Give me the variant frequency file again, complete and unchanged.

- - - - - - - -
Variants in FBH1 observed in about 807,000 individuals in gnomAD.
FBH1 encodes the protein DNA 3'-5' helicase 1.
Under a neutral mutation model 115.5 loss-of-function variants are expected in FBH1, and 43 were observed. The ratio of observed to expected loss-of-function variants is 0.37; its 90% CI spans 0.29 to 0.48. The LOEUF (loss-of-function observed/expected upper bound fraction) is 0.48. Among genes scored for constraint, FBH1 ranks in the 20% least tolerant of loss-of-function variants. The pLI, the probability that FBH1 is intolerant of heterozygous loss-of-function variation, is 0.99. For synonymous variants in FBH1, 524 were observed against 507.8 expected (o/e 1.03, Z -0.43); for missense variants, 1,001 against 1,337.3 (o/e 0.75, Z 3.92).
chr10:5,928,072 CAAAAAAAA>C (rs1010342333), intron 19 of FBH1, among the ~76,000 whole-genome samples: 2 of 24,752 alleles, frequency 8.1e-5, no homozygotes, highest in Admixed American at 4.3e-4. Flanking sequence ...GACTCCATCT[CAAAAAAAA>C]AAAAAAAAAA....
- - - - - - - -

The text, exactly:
Variants in FBH1 observed in about 807,000 individuals in gnomAD.
FBH1 encodes the protein DNA 3'-5' helicase 1.
Under a neutral mutation model 115.5 loss-of-function variants are expected in FBH1, and 43 were observed. The ratio of observed to expected loss-of-function variants is 0.37; its 90% CI spans 0.29 to 0.48. The LOEUF (loss-of-function observed/expected upper bound fraction) is 0.48. Among genes scored for constraint, FBH1 ranks in the 20% least tolerant of loss-of-function variants. The pLI, the probability that FBH1 is intolerant of heterozygous loss-of-function variation, is 0.99. For synonymous variants in FBH1, 524 were observed against 507.8 expected (o/e 1.03, Z -0.43); for missense variants, 1,001 against 1,337.3 (o/e 0.75, Z 3.92).
chr10:5,928,072 CAAAAAAAA>C (rs1010342333), intron 19 of FBH1, among the ~76,000 whole-genome samples: 2 of 24,752 alleles, frequency 8.1e-5, no homozygotes, highest in Admixed American at 4.3e-4. Flanking sequence ...GACTCCATCT[CAAAAAAAA>C]AAAAAAAAAA....